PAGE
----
I am writing a .Net WPF application using C# for a Windows 7 64 bit platform. My application needs to communicate with a Zebra KR403 printer connected through USB. My questions may be very basic, but I'm hoping this post will help others who are new to using this printer in .Net.
1. Which SDK should I be using? Is it as simple as adding a .dll to my project and using it? I have tried using the Windows CE SDK, but I get a BadImageFormatException when the ZSDK_API.dll tries to load ZebraUsb.dll. This usually means that the dll was compiled for a different platform.
2. Should I be using the SDK to print or should I be using the normal .Net printing libraries? What are the advantages of the two options? For example, if I use .Net libraries for printing will I still have to use ZBI (the language used to communicate with the printer)?
3. How do I get the status of the printer (out of paper, media not loaded, etc.)? I have found a guide (had to remove link; reputation not high enough to post more than 2 links) which explains how to do it in Windows CE or Mobile, but I cannot find the equivalent for Windows 7 (the normal desktop version).
If someone can help me with these questions I would greatly appreciate it and I will post my final solution (or the core code needed to do the above) here for others to use.
Thank you in advance for any help.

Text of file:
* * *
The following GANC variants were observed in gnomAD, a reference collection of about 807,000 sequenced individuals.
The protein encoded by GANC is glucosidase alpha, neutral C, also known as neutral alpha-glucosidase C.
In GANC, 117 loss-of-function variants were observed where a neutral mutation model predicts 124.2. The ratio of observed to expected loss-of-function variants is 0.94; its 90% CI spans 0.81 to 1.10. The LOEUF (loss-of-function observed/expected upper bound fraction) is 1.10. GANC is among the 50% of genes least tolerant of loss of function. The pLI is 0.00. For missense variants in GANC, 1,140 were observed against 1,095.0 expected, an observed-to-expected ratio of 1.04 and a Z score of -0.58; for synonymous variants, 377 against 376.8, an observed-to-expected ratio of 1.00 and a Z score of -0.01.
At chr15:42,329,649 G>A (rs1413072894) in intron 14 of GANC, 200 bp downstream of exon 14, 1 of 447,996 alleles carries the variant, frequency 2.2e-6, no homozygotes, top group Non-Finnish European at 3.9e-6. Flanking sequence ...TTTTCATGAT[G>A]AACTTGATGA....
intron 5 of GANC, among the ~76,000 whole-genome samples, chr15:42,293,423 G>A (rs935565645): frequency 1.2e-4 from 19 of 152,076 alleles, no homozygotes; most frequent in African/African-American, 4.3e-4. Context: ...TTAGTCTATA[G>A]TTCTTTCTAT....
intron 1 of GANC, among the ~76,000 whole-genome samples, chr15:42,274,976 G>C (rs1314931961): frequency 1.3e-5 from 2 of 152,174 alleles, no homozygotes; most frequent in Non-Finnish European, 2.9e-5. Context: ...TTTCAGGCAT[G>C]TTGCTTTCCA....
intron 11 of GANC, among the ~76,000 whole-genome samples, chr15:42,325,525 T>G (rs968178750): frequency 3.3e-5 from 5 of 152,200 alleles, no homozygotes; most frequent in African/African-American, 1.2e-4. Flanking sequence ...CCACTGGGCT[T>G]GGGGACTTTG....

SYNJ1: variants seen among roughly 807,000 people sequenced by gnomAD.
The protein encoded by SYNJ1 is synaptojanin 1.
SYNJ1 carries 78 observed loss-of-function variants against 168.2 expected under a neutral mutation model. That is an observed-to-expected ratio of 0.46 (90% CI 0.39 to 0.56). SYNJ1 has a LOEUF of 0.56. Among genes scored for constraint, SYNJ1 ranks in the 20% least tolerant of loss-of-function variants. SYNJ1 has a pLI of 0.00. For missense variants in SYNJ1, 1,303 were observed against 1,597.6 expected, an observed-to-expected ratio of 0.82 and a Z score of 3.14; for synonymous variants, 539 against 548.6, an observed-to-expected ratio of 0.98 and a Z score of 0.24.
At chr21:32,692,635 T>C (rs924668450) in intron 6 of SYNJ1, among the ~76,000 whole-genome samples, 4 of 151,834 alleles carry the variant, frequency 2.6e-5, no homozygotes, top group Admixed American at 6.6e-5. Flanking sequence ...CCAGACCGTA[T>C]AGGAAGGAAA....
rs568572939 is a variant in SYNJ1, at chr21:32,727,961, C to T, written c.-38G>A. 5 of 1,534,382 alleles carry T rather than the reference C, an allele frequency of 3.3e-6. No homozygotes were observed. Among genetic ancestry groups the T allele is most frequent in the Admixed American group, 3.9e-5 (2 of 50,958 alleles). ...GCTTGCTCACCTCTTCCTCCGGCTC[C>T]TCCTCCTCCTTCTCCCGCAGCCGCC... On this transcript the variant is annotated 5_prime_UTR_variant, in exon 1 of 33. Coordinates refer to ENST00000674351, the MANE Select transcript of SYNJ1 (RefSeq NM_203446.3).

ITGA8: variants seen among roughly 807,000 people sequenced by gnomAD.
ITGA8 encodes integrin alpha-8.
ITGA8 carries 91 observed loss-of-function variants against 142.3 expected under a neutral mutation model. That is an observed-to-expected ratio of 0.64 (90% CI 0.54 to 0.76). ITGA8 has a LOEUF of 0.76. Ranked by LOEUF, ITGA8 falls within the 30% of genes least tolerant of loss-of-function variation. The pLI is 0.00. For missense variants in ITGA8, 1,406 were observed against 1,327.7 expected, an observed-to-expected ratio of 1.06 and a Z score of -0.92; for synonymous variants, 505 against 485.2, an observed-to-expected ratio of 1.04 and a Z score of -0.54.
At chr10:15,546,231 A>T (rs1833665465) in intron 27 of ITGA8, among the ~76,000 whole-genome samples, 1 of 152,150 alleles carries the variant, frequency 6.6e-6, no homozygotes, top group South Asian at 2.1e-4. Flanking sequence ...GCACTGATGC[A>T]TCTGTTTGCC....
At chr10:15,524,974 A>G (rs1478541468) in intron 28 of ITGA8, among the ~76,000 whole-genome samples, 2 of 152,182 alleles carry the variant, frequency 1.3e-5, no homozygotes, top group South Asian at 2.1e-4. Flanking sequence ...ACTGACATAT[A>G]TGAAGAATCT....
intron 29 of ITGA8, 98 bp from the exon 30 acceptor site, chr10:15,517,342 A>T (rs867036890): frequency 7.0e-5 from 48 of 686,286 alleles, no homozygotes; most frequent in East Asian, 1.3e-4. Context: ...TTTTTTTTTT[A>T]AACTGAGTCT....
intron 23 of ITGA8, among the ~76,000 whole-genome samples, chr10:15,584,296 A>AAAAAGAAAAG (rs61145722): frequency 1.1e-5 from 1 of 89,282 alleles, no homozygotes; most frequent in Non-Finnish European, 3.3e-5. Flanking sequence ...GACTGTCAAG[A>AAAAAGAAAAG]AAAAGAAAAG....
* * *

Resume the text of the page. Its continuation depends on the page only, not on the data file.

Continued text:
I found some code that allows me to communicate directly to the printer over USB here: http://danielezanoli.blogspot.com/2010/06/usb-communications-with-zebra-printers.html
I also found a hardware integrators guide for the KR403 printer which explains the result of the ~HQES command here: https://support.zebra.com/cpws/docs/crawl/UG_Kiosk/KR403_UG.pdf#xml=https://km.zebra.com/kb/index?page=answeropen&type=open&searchid=1363543831914&answerid=16777218&iqaction=6&url=https%3A%2F%2Fsupport.zebra.com%2Fcpws%2Fdocs%2Fcrawl%2FUG_Kiosk%2FKR403_UG.pdf&highlightinfo=12583129,8815,8825
I am now able to send the ~HQES command to the printer over USB using the above library or over serial port using the SerialPort class from .Net. I can then interpret the result using the hardware integrators guide above and check the status of the printer. Since this is easy enough to do I'm not going to try and port an SDK at this point.